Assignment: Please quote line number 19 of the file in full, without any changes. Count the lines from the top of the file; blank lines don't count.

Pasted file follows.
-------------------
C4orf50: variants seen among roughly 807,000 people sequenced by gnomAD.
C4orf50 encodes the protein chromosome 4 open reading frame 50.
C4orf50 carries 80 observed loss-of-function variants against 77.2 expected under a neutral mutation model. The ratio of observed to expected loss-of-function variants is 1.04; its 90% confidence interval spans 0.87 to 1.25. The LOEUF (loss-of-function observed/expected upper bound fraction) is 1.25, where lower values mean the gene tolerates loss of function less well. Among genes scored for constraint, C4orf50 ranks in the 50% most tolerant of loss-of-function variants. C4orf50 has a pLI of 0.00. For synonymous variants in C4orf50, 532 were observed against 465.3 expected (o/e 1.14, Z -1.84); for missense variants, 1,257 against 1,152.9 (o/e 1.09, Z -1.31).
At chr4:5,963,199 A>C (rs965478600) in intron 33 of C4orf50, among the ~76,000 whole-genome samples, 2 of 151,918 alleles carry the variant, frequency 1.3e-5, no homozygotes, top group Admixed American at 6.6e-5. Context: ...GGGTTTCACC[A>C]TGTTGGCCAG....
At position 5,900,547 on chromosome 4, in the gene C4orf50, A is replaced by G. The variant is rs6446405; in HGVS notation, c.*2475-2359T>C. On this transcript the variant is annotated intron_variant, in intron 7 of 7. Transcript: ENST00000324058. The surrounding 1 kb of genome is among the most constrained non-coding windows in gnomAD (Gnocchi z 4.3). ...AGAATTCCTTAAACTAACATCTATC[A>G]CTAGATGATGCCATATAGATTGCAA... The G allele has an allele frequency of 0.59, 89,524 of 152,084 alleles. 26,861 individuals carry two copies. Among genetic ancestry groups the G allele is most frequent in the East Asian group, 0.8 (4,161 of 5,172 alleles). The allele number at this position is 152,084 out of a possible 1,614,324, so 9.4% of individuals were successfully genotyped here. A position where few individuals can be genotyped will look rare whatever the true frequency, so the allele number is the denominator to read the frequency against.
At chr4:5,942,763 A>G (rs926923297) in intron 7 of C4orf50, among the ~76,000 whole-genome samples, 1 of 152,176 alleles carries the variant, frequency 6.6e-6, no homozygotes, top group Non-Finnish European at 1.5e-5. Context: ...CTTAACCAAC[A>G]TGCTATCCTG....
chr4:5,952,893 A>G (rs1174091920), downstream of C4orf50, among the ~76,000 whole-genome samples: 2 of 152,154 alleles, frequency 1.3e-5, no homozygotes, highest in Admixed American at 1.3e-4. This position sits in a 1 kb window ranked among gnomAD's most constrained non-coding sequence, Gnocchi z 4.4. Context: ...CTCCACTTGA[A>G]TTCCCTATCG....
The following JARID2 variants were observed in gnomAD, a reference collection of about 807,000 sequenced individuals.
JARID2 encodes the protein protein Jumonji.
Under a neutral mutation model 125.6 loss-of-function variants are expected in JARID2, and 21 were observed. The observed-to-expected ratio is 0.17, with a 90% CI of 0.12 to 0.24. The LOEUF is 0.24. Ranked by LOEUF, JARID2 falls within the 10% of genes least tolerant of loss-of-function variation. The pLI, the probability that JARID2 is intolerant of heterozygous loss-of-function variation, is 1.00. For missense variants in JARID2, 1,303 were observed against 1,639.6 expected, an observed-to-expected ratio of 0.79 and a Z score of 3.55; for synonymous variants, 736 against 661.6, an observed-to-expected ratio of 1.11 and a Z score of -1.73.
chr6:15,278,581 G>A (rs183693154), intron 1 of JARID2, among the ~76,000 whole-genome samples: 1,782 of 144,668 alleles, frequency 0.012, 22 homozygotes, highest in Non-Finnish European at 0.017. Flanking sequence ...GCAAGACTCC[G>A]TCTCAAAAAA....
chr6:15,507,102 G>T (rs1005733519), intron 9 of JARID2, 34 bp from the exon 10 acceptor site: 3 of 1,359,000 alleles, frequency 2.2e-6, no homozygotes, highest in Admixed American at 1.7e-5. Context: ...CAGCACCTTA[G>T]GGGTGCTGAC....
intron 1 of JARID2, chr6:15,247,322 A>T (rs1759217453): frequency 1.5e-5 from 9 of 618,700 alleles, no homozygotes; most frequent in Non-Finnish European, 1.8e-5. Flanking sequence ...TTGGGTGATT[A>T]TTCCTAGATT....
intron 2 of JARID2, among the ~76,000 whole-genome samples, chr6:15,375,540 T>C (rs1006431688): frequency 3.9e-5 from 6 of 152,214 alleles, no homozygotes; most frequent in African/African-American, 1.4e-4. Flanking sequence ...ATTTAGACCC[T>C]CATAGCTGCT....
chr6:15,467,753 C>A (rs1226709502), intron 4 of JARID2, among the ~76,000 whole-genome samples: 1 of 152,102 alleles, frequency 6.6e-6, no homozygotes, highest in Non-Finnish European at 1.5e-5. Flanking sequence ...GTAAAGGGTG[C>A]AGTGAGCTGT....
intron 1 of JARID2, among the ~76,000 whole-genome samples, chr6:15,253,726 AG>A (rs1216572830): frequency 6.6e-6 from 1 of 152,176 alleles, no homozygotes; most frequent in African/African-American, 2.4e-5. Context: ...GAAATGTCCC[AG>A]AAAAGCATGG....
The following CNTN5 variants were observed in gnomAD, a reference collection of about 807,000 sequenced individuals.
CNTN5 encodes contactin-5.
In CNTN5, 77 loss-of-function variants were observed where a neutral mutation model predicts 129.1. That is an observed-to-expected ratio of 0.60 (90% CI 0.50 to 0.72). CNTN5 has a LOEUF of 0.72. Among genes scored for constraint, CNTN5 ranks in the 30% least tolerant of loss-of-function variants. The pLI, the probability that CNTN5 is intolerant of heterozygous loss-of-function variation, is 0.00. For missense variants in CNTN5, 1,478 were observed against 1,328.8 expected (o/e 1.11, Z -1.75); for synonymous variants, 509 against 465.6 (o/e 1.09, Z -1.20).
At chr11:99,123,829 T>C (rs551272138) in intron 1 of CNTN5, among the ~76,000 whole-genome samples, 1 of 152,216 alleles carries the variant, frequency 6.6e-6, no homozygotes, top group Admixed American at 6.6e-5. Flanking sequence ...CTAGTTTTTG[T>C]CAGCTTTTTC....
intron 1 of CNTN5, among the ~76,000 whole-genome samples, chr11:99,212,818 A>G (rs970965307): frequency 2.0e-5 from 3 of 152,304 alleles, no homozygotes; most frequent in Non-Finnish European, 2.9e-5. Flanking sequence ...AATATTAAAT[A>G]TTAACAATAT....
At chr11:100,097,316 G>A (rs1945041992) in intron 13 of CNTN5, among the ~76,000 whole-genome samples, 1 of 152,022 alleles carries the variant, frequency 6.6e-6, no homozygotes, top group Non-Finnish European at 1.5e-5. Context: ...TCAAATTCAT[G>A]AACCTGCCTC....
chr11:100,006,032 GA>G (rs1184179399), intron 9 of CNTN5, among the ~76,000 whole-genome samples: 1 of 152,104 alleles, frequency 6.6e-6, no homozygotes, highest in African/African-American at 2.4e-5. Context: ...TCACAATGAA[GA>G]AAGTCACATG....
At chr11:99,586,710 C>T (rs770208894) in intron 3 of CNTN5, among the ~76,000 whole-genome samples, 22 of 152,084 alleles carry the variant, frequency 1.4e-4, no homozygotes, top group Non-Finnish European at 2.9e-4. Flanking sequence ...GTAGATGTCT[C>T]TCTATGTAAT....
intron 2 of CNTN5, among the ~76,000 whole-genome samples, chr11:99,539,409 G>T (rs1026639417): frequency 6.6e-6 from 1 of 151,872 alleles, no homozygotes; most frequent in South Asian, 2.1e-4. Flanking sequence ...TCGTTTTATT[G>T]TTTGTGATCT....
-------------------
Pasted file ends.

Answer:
In CNTN5, 77 loss-of-function variants were observed where a neutral mutation model predicts 129.1. That is an observed-to-expected ratio of 0.60 (90% CI 0.50 to 0.72). CNTN5 has a LOEUF of 0.72. Among genes scored for constraint, CNTN5 ranks in the 30% least tolerant of loss-of-function variants. The pLI, the probability that CNTN5 is intolerant of heterozygous loss-of-function variation, is 0.00. For missense variants in CNTN5, 1,478 were observed against 1,328.8 expected (o/e 1.11, Z -1.75); for synonymous variants, 509 against 465.6 (o/e 1.09, Z -1.20).